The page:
Reading this piece about the authoritarian leanings of a subset of the kirchnerista movement (followers of late former president Néstor Kirchner and his wife and current president Cristina Fernández de Kirchner) in Argentina* sparked a recurring question l have about these types of governments’ intellectual supporters; what are they seeing that I’m not? Specifically, how does someone from the left look at Argentina or Venezuela and see it as a desirable model, especially compared to Uruguay, Chile or even Brazil?

For instance, when I look at Venezuela, I see a country with a decimated productive capacity, 20% inflation, rampant crime, and a complete disregard for the rule of law (not least, the constitution that the current government’s supporters drafted just 14 years ago) that is borrowing huge sums of money at rates above 15% in spite of the trillion dollar oil boom over the last decade that has buoyed the economy. I don’t see anything that would be much of a model for anyone, much less Europe, and yet there are very intelligent people who do see something valuable and worthy of replication, perhaps even in Europe. The situation is similar in Argentina, except without the oil and not as advanced in its interfering in the economy or circumventing the rule of law, though the government is moving quickly on both fronts.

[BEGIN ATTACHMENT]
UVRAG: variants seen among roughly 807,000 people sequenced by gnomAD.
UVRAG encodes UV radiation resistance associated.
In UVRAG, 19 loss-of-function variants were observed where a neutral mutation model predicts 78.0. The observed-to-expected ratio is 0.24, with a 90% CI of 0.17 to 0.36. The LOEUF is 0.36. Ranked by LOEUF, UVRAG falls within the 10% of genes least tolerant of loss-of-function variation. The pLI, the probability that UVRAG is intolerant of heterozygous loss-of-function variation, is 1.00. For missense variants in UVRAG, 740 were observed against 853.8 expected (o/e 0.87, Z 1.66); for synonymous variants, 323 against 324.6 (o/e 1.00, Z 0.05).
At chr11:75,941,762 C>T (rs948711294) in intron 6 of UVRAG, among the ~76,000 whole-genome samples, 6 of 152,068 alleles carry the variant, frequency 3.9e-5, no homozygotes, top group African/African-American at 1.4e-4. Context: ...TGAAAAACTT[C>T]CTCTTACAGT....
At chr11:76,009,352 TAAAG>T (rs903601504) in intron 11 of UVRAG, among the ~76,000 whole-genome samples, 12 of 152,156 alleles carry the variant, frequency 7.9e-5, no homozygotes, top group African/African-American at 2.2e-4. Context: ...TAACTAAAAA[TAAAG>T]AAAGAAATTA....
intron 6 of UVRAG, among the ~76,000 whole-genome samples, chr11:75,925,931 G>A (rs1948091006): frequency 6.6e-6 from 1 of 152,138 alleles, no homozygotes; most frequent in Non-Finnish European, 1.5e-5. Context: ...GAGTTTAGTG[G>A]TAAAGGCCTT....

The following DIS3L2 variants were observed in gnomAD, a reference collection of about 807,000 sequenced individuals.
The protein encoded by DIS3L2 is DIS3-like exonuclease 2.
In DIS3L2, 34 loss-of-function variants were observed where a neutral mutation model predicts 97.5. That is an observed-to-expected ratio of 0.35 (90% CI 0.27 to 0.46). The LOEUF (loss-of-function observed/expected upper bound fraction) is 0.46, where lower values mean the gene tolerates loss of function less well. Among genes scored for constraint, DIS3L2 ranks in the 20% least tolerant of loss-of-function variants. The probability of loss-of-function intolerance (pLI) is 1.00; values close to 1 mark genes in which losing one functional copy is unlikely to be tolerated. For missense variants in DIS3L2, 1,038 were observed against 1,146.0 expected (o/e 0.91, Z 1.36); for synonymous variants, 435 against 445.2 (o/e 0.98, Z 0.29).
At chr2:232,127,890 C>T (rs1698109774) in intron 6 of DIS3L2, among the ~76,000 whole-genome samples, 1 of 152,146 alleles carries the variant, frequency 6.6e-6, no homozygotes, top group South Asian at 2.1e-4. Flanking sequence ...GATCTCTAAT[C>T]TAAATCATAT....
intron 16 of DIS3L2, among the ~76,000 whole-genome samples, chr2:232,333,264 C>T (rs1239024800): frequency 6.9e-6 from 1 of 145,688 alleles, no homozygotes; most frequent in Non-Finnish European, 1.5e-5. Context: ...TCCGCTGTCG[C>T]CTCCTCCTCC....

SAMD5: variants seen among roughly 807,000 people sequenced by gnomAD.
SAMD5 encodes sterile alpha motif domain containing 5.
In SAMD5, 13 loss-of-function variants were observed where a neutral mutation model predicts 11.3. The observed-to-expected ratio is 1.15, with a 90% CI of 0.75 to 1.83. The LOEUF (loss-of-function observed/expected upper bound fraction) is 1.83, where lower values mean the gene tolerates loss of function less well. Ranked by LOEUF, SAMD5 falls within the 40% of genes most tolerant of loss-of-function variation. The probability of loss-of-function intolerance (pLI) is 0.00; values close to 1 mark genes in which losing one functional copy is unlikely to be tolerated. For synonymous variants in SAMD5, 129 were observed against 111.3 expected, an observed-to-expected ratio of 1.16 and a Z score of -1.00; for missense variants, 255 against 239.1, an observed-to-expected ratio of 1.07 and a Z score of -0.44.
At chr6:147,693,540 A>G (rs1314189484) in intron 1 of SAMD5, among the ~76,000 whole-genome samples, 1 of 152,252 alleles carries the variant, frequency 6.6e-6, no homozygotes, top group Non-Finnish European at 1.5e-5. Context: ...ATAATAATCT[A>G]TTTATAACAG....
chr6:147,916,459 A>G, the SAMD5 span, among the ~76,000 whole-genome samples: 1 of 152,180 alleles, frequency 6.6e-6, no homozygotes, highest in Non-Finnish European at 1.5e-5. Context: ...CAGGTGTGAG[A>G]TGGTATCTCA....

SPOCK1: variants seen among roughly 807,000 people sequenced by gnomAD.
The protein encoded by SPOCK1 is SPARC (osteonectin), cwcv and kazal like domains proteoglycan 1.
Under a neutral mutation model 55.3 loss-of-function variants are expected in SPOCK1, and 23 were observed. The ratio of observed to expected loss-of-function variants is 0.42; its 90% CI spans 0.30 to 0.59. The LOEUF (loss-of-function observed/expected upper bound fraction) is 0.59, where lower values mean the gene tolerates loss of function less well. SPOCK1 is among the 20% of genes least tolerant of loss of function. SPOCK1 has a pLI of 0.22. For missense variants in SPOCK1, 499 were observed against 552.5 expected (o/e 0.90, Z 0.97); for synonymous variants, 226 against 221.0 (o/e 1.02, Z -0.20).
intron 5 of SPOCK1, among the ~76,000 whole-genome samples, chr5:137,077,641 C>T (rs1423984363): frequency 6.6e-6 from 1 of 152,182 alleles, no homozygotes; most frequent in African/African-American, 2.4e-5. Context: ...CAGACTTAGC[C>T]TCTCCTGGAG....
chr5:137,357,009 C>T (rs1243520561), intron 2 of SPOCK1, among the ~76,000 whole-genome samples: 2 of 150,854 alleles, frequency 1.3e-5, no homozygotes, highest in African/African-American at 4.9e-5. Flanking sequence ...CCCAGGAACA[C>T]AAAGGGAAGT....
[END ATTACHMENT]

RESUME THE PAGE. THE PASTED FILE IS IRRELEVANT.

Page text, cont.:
On the other hand, one can look at countries like Chile between 1990 and 2009 and Uruguay over the last decade and see examples of governments that are clearly left-of-center, but pragmatic in their economic policies. Chile in particular, has had consistent, strong economic growth over the last two decades even while other countries in the region suffered dramatic crises that erased entire half decades of growth. Moreover, the poverty rate has fallen and stayed down, all while maintaining a robust (though still not ideal) democratic system that remains in the process of reforming itself. Uruguay presents a similar case. It possesses Latin America’s oldest and in many ways, most robust, welfare state, and the current president was a left-wing guerrilla fighter during the 1960s and 1970s. Yet he has governed economically in a manner similar to the Socialists in Chile (i.e. broadly in a neoliberal fashion) and recently described the indefinite reelection so popular among Latin American presidents of the left and right (including among chavistas and kirchneristas) as being “monarchic.” None of this is to say that these countries don’t have their problems but they do illustrate that it is possible to achieve economic growth and work toward a more equitable society within a democratic framework and without intervening dramatically into the economy.